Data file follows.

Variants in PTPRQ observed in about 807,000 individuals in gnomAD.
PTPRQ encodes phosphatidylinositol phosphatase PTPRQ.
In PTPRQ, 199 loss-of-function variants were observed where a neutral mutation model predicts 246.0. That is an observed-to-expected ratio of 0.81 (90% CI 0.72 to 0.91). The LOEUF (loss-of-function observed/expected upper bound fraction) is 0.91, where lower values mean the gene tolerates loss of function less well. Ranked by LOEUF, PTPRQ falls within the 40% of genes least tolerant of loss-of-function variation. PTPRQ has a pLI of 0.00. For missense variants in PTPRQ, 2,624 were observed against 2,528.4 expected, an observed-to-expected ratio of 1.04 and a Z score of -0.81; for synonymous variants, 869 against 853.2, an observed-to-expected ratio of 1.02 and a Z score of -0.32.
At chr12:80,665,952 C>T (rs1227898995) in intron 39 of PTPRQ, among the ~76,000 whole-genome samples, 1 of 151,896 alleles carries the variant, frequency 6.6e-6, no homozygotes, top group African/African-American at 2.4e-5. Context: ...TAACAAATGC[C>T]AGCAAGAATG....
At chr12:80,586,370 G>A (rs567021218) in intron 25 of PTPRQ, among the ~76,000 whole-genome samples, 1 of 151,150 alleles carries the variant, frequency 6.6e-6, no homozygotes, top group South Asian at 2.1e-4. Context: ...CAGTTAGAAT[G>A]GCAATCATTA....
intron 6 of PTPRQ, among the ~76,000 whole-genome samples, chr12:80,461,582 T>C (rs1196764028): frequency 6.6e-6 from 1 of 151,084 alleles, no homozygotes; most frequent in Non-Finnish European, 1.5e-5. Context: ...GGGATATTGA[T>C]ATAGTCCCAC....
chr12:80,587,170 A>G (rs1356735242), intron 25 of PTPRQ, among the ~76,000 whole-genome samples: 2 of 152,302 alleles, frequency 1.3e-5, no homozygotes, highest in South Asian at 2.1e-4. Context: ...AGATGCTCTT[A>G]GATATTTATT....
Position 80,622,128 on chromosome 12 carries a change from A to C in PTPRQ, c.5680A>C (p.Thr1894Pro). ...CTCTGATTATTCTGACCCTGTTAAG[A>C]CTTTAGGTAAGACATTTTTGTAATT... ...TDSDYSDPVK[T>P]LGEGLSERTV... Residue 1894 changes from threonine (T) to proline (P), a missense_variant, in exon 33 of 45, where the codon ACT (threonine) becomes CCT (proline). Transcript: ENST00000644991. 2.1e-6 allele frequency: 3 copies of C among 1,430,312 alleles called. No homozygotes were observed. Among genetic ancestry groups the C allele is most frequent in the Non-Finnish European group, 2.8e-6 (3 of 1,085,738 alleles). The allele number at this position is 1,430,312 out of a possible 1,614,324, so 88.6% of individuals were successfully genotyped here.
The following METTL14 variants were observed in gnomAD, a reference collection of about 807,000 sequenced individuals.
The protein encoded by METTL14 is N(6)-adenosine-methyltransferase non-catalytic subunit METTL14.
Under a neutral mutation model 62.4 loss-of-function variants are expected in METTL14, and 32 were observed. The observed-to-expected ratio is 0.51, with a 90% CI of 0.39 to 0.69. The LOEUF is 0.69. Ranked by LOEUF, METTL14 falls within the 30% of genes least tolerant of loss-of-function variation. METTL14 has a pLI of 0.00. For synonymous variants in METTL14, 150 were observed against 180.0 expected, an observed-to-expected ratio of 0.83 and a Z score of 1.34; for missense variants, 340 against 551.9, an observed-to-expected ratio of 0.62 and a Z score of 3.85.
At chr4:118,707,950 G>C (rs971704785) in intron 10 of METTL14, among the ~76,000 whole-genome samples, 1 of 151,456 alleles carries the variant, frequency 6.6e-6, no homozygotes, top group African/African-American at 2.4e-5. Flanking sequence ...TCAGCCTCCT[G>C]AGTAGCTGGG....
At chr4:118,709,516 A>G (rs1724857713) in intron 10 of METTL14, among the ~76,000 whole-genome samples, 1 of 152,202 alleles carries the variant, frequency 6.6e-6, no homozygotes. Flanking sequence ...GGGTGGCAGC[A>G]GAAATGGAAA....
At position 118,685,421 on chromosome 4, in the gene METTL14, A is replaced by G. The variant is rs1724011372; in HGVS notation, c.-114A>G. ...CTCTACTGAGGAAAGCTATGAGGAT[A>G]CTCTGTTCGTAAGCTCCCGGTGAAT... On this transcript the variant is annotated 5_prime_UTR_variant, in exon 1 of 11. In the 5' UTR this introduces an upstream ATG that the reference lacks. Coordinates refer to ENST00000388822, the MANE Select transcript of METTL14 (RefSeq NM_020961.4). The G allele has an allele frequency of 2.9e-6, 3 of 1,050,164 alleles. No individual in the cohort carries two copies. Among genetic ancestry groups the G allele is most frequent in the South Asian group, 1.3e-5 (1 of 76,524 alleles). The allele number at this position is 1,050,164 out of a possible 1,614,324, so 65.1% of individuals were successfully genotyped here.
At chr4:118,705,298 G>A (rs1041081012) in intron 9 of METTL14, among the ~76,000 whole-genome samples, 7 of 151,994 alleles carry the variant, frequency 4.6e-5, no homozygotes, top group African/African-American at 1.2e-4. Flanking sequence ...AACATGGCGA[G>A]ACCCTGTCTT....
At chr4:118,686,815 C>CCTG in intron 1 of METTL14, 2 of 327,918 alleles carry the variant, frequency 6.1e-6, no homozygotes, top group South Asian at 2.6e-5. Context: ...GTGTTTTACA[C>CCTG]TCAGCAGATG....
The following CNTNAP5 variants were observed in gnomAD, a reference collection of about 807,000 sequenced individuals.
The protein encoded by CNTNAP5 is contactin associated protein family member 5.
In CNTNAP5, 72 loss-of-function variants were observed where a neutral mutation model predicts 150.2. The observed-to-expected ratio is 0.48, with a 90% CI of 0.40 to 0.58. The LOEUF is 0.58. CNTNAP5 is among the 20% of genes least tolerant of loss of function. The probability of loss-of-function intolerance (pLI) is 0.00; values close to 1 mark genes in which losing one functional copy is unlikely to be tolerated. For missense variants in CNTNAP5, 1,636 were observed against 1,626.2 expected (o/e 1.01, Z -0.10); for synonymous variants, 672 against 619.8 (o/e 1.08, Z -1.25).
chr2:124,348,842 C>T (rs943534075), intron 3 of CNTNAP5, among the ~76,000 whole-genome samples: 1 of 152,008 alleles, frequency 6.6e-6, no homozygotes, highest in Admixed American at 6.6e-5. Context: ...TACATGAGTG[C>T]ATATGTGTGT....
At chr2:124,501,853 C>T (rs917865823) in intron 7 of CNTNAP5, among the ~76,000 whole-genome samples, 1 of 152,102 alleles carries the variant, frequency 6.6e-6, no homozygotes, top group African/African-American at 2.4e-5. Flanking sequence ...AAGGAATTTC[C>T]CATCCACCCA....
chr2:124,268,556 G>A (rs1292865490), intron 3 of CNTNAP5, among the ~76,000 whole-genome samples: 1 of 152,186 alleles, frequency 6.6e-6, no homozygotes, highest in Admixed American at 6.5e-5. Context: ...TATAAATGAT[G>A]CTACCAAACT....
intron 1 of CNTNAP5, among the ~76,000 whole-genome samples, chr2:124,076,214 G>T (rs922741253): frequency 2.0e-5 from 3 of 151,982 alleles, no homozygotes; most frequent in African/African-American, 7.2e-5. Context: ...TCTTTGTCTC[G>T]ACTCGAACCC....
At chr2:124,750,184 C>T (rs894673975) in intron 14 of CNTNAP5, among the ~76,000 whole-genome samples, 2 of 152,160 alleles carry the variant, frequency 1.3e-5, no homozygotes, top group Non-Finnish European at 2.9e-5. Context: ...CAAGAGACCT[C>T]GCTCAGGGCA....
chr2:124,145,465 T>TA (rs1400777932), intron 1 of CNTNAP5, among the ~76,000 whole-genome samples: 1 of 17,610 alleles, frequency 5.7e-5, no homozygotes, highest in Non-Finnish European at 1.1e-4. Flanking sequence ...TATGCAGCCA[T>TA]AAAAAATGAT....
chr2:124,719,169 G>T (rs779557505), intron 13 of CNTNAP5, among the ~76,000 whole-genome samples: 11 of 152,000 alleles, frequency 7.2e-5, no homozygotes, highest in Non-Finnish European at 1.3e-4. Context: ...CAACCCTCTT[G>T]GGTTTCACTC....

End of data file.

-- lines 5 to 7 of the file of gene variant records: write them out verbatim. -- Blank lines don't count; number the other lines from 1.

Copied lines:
At chr12:80,586,370 G>A (rs567021218) in intron 25 of PTPRQ, among the ~76,000 whole-genome samples, 1 of 151,150 alleles carries the variant, frequency 6.6e-6, no homozygotes, top group South Asian at 2.1e-4. Context: ...CAGTTAGAAT[G>A]GCAATCATTA....
intron 6 of PTPRQ, among the ~76,000 whole-genome samples, chr12:80,461,582 T>C (rs1196764028): frequency 6.6e-6 from 1 of 151,084 alleles, no homozygotes; most frequent in Non-Finnish European, 1.5e-5. Context: ...GGGATATTGA[T>C]ATAGTCCCAC....
chr12:80,587,170 A>G (rs1356735242), intron 25 of PTPRQ, among the ~76,000 whole-genome samples: 2 of 152,302 alleles, frequency 1.3e-5, no homozygotes, highest in South Asian at 2.1e-4. Context: ...AGATGCTCTT[A>G]GATATTTATT....